Step 4: Reward community with accreditation: After activities are completed and sustained, the community becomes eligible to become accredited as a First Food Friendly Community. This reward system gives communities typically operating under negative perceptions and low achievement, an opportunity to develop a new sense of pride in their community and to be recognized for their strengths instead of being identified by any weaknesses.
Researchers looked at 73 studies with a total of almost 75,000 women and found that all types of organised support could help keep women breastfeeding—either with or without other food or liquids.
Predictable, scheduled visits with healthcare professionals or trained volunteers were most helpful, and the best kinds of support might depend on a group’s location and their needs, say the review’s authors.
They highlight the fact that many mothers may stop breastfeeding before they want to as a result of the problems they encounter.
This review now includes 100 randomised controlled studies involving more than 83,246 women. The 73 trials that contributed to the analyses were from 29 countries and involved 74,656 women.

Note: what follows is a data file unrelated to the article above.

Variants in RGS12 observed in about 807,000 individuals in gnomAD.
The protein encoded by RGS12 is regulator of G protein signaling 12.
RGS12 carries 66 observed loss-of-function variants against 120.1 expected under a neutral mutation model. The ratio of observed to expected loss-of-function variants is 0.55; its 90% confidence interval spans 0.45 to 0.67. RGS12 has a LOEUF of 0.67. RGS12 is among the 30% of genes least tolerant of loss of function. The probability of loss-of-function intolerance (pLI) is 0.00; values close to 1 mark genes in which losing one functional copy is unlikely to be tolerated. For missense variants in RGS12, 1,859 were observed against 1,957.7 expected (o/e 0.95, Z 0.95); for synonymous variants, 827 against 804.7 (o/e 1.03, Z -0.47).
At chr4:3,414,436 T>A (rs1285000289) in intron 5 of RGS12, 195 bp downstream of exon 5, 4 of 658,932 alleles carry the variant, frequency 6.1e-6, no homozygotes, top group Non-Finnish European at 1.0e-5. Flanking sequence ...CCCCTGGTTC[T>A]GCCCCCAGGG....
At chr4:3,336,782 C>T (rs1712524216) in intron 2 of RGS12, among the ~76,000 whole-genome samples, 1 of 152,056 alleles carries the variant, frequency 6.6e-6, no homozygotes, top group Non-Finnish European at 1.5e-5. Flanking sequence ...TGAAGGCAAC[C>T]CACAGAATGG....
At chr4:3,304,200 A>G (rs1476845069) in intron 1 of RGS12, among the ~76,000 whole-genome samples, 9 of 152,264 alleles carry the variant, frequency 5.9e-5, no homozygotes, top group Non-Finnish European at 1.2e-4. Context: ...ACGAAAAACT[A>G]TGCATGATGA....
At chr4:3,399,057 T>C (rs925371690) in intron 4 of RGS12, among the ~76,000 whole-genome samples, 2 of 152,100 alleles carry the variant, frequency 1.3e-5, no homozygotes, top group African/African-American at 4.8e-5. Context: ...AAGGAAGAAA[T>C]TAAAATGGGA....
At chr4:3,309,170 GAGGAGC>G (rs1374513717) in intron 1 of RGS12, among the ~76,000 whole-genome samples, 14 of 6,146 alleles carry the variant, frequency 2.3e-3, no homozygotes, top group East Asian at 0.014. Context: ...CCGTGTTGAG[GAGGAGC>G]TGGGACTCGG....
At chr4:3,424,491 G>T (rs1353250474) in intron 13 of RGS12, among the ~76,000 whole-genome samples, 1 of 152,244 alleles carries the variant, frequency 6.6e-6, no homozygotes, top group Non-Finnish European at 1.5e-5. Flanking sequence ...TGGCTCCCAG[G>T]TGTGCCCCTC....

Some 62% of the women were from high-income countries, 34% from middle-income countries and 4% from low-income countries.
All forms of extra organised support analysed together showed an increase in the length of time women continued to breastfeed, either with or without introducing any other types of liquids or foods, the authors wrote.
This meant that fewer women stopped any breastfeeding or exclusively breastfeeding (moderate quality evidence) before four to six weeks and before six months. Both trained volunteers and doctors and nurses had a positive impact on breastfeeding.
New studies of different kinds of support for exclusive breastfeeding may change our understanding of how to help women to continue with exclusive breastfeeding, they say, pointing out that evidence was of moderate quality, not high.
“Characteristics of effective support include: that it is offered as standard by trained personnel during antenatal or postnatal care, that it includes ongoing scheduled visits so that women can predict when support will be available, and that it is tailored to the setting and the needs of the population group,” they write.
“Support is likely to be more effective in settings with high initiation rates. Support may be offered either by professional or lay/peer supporters, or a combination of both.